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January 15th, 2016

Great Photography and Filmmaking Reads for Your Weekend

Barta IV | Flickr

Barta IV | Flickr

There were plenty of great reads published this week–hopefully you can block off a quiet hour or two to enjoy them.

Gregory Crewdson on Being an Art Photographer TodayVogue

Annie Leibovitz on Shooting Rock StarsBiography

Meet the Man Who Photographed David Bowie for 40 YearsVice

The Challenges of Managing an Archive of FilmEmulsive 

How Photographers Find and Define MeaningRangefinder

Trying to Reinvent a Foundering Movie BusinessNew Yorker

Who Controls Your Facebook Feed?Slate

“Making a Murder” and the Shift in Documentary FilmmakingReview Journal

A Stunning Portfolio Inspired by Frank Lloyd WrightCurbed

Find past Weekend Reads here.

January 12th, 2016

Opinion: What CES 2016 Tells Us About the (Bright) Future of Photography

Ask any market analyst for their take on the digital camera business, and you’ll get pretty much the same story of an industry in decline.

According to Chris Chute, Research Director at IDC, camera makers shipped roughly 39 million units in 2015. In their heyday, digital camera sales exceeded 100 million. Arun Gill at the research firm Futuresource Consulting, charts a similarly sharp decline, with sales falling from 73.6 million units in 2013 to 38 million in 2015. Both analysts see more contraction on the horizon.

But broaden the frame, and photography is arguably as vibrant as ever. If there was a major theme to CES 2016, it was surely photography and filmmaking.

It just looked like this:

And this:

And also this:

Alongside the mainstay of traditional cameras announcements (which were innovative in their own right), there were dozens of cameras that could fly, record completely spherical images, create three dimensional virtual reality videos, or go just about anywhere and survive just about anything. 

Photographers and filmmakers have arguably never had so many novel tools at their disposal as they do today.

“I think we’re on the brink of a major change in how we think about photography,” says Pentax President Jim Malcolm. Whereas photography and filmmaking had always been about cropping out visual information to fit a given frame, the new wave of spherical cameras that will hit the market in force in 2016 are all about capturing everything in view.

“When you capture everything, you can create anything,” Malcolm says. In this environment, the composition–what a photographer chooses to frame–can occur after the fact, especially as the technology and resolution behind spherical cameras improve.

Whether spherical imaging and virtual reality represent a genuine sea-change remains to be seen (and we explore that subject in more depth here), but there was undoubtedly a lot of interest, new products and enthusiasm for it at CES.

And while storytelling technology evolves, let’s not forget what else happened at CES.

We enter 2016 with both an explosion in new forms of photography and filmmaking technology and a rejuvenated interest in analog. Truly, these are interesting times.

January 8th, 2016

Great Photography and Filmmaking Reads for Your Weekend

Rich Grundy | Flickr

Rich Grundy | Flickr

Oscar Wilde once noted that, “It is what you read when you don’t have to that determines what you will be when you can’t help it.” In that spirit, here are a few photography and filmmaking pieces we’ve picked out for your weekend reading pleasure.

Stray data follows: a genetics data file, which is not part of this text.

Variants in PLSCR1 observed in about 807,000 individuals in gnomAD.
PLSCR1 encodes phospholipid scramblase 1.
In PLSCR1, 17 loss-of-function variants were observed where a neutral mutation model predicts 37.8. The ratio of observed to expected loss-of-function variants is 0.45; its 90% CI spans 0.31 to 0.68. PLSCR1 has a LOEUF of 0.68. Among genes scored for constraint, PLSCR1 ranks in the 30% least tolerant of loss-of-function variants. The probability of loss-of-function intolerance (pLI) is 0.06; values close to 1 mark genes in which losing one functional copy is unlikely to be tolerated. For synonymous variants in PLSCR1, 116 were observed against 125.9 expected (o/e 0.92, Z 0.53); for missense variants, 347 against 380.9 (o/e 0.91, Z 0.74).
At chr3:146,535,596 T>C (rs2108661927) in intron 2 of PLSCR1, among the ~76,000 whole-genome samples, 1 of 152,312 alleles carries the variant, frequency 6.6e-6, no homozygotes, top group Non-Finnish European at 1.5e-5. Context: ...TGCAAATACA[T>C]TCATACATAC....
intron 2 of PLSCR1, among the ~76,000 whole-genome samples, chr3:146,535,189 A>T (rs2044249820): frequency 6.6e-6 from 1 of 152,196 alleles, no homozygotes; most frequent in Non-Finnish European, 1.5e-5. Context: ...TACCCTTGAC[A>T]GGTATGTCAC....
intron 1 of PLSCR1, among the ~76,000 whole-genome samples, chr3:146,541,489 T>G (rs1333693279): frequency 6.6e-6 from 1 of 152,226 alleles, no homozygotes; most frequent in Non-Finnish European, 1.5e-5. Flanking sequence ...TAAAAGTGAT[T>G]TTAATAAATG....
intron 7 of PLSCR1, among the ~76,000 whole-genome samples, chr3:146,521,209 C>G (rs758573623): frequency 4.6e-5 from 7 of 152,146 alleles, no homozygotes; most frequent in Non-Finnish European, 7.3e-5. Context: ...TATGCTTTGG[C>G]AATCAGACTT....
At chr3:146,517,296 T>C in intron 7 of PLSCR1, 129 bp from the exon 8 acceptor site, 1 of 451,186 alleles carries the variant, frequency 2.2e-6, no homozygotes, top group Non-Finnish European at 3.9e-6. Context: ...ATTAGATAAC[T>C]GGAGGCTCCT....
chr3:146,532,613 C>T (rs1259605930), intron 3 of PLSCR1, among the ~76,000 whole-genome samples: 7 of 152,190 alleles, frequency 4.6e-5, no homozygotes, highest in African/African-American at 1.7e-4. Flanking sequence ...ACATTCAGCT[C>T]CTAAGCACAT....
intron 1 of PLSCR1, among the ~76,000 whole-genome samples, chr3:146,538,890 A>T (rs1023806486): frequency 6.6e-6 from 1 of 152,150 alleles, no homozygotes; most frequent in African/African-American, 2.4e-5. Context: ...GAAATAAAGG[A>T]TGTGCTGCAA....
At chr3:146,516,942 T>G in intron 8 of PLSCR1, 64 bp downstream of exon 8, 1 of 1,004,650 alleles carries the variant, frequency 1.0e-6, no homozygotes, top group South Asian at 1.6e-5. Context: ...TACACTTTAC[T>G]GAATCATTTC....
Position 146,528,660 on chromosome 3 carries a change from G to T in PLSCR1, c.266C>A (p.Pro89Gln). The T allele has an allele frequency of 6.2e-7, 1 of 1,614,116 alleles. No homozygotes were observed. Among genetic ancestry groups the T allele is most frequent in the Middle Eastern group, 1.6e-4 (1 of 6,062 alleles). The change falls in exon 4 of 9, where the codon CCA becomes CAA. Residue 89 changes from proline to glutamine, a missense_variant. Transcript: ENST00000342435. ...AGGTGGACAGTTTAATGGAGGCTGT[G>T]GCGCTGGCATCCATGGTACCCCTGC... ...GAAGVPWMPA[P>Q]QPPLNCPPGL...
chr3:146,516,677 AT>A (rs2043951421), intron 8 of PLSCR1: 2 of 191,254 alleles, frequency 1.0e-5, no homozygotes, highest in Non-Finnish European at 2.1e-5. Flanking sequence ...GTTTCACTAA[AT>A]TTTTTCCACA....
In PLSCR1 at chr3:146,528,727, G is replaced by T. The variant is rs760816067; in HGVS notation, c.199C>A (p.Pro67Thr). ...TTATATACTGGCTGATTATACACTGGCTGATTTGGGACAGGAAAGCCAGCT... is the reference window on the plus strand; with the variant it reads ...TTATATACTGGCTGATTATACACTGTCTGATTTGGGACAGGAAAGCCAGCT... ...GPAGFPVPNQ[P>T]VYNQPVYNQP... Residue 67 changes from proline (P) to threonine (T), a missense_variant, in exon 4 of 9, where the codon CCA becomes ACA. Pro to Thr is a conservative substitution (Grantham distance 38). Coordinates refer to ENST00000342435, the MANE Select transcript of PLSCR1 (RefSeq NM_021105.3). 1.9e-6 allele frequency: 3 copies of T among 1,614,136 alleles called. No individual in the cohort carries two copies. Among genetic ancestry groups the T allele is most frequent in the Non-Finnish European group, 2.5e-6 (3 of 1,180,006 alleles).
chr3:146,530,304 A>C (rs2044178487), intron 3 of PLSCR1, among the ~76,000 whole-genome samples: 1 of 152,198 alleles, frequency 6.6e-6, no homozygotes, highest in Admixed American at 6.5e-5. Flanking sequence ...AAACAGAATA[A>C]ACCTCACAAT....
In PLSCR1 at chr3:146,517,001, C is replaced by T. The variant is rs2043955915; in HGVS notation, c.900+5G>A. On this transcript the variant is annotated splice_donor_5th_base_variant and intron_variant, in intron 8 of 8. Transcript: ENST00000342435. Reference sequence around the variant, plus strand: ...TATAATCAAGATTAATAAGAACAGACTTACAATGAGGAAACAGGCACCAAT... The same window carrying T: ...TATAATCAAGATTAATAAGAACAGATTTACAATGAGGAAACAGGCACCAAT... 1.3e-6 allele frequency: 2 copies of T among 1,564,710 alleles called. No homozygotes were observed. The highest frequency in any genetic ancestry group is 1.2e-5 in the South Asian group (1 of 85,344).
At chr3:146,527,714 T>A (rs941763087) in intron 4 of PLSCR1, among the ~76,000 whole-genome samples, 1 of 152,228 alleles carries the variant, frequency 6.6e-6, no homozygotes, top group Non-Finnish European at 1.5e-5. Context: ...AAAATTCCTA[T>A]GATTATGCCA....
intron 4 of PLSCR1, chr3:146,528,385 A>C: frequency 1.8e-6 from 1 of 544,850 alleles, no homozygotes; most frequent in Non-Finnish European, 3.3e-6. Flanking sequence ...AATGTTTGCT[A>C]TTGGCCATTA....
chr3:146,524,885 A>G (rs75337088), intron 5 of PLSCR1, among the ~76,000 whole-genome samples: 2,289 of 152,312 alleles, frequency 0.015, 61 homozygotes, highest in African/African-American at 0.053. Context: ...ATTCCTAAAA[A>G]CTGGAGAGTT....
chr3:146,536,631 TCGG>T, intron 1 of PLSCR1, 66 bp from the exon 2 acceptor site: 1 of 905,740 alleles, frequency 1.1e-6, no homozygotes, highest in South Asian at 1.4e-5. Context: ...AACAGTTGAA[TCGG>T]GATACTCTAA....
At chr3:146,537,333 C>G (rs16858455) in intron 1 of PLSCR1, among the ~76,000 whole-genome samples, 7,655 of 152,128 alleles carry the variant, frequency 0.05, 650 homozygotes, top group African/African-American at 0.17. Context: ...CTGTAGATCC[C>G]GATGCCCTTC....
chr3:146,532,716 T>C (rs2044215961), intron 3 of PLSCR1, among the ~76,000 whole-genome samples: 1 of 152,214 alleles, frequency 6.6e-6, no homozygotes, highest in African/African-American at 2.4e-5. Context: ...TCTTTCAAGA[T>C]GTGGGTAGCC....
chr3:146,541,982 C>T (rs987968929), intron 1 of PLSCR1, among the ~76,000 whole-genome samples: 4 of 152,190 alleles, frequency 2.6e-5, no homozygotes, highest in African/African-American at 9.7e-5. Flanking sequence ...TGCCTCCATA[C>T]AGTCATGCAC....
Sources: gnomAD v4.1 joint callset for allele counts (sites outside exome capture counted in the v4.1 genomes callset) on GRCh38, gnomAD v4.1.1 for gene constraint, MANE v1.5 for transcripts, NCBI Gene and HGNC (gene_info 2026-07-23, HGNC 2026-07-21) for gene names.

How I Made This New Year’s Eve Photo Go ViralBBC

One of the Most Haunting and Seductive Photographers Died Too YoungHuffington Post (NSFW)

How Video Game Photography Got Me Into Real PhotographyGames Radar

Why You Should Be Paying Attention to Agricultural PhotographyCreators Project

Gender Parity in Documentary Filmmaking Is a FictionIndie Wire

How to Monetize a Social Media FollowingPDN

See past Weekend Reads here.

January 6th, 2016

Kodak Plans to Make a Super 8 Camera (For Real)

Artist rendering of Kodak's forthcoming Super 8 camera.

Artist rendering of Kodak’s forthcoming Super 8 camera.

For years, Kodak has served as exhibit A of a company caught flat-footed by changing technology. But a funny thing has happened since Kodak’s fortunes fell–Hollywood directors have rallied around the company’s motion picture film, to the extent that Kodak expects to be profitable next year on the basis of its film business.

Emboldened by that success, the company doubled down at CES 2016 with a plan to revive the Super 8 camera.

Calling it the “Super 8 Revival Initiative” Kodak said the camera would combine the “classic features of a Super 8 with digital functionality.”

Kodak says they’ve built a roadmap that includes a “range of cameras, film development services, post production tools and more.”

“It is an ecosystem for film” said Jeff Clarke, Eastman Kodak Chief Executive Officer, in a statement announcing the initiative. “Following the 50th anniversary of Super 8, Kodak is providing new opportunities to enjoy and appreciate film as a medium.”

The initiative has a string of high-profile endorsers, including director Christopher Nolan, Steven Spielberg and JJ Abrams. “For me, 8mm was the beginning of everything,” Spielberg said in a statement released by Kodak. “When I think of 8mm, I think of the movies.”

The camera is expected to cost between $400-$700 with film processing ranging from $50-$75. Developed film will be returned to consumers as a digital file and film strip. While the details are still being finalized, a Kodak spokesperson said users would be able to choose the type of video file they receive back from Kodak.